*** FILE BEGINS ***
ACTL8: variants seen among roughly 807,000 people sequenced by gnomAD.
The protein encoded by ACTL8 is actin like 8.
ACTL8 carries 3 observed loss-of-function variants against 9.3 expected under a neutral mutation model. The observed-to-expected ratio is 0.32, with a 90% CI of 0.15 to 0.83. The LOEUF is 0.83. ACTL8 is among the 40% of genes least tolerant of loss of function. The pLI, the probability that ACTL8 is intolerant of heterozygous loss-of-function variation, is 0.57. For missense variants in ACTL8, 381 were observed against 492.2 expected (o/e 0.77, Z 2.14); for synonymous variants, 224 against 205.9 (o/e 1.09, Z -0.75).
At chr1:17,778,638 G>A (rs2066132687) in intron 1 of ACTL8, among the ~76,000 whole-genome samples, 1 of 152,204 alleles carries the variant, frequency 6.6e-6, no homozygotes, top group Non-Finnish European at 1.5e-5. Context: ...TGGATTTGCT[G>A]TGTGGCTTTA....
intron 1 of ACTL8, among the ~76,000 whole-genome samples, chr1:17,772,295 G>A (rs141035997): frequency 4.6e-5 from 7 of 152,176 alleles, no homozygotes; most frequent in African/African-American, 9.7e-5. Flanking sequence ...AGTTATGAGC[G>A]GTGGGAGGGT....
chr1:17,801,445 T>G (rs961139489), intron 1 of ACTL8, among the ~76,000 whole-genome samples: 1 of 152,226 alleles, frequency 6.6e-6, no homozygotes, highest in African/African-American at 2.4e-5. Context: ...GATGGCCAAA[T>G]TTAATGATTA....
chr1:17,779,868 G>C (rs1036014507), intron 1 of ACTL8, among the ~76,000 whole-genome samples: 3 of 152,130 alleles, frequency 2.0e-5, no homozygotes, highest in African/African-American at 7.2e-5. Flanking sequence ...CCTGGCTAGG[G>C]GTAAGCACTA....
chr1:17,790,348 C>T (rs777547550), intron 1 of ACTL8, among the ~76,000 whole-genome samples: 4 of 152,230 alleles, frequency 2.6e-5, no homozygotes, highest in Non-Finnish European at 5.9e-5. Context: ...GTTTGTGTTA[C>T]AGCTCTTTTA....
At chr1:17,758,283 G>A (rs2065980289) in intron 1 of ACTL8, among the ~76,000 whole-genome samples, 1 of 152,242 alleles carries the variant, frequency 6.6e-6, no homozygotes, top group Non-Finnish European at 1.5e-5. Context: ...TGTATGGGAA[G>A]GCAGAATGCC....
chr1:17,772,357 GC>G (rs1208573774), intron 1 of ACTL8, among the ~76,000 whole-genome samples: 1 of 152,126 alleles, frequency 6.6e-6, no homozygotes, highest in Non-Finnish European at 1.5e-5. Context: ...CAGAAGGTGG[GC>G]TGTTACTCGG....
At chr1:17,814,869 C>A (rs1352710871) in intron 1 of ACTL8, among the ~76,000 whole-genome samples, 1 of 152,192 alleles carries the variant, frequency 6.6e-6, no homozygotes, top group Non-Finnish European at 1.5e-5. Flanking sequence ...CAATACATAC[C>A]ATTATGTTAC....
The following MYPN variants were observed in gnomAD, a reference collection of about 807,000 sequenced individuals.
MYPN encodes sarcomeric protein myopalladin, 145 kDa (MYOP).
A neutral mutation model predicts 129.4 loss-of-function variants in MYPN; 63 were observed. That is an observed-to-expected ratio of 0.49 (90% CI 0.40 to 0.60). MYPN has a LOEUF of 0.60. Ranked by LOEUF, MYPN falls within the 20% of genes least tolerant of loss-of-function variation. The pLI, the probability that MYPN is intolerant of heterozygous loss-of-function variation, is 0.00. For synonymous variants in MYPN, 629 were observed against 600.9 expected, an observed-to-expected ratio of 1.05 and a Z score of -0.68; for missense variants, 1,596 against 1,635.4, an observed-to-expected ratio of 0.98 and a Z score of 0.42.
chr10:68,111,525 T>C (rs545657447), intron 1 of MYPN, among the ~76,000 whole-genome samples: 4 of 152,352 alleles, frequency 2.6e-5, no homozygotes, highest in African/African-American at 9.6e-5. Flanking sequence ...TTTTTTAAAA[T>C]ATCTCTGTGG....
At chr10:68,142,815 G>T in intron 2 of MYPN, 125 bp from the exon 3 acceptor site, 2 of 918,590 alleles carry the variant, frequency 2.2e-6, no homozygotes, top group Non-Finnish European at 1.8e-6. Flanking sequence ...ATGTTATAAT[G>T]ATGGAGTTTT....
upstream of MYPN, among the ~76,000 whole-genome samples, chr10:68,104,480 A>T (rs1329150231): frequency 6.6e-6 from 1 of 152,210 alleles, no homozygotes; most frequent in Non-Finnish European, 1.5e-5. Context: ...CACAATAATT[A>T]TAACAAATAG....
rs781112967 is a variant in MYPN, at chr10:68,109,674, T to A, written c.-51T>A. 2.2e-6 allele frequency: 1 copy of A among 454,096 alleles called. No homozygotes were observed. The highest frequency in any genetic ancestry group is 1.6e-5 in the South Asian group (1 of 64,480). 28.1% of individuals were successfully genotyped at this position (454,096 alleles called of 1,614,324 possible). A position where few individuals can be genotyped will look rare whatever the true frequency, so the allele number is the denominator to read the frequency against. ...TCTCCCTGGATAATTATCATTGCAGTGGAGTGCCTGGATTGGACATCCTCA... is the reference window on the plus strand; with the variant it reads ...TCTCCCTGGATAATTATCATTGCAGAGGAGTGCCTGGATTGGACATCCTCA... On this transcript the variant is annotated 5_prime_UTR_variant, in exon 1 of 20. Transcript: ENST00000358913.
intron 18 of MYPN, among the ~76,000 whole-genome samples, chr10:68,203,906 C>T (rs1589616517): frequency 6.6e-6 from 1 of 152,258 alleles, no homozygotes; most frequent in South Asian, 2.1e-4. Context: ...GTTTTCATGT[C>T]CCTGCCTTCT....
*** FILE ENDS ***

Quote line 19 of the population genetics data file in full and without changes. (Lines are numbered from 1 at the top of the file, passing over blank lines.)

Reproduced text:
intron 18 of MYPN, among the ~76,000 whole-genome samples, chr10:68,203,906 C>T (rs1589616517): frequency 6.6e-6 from 1 of 152,258 alleles, no homozygotes; most frequent in South Asian, 2.1e-4. Context: ...GTTTTCATGT[C>T]CCTGCCTTCT....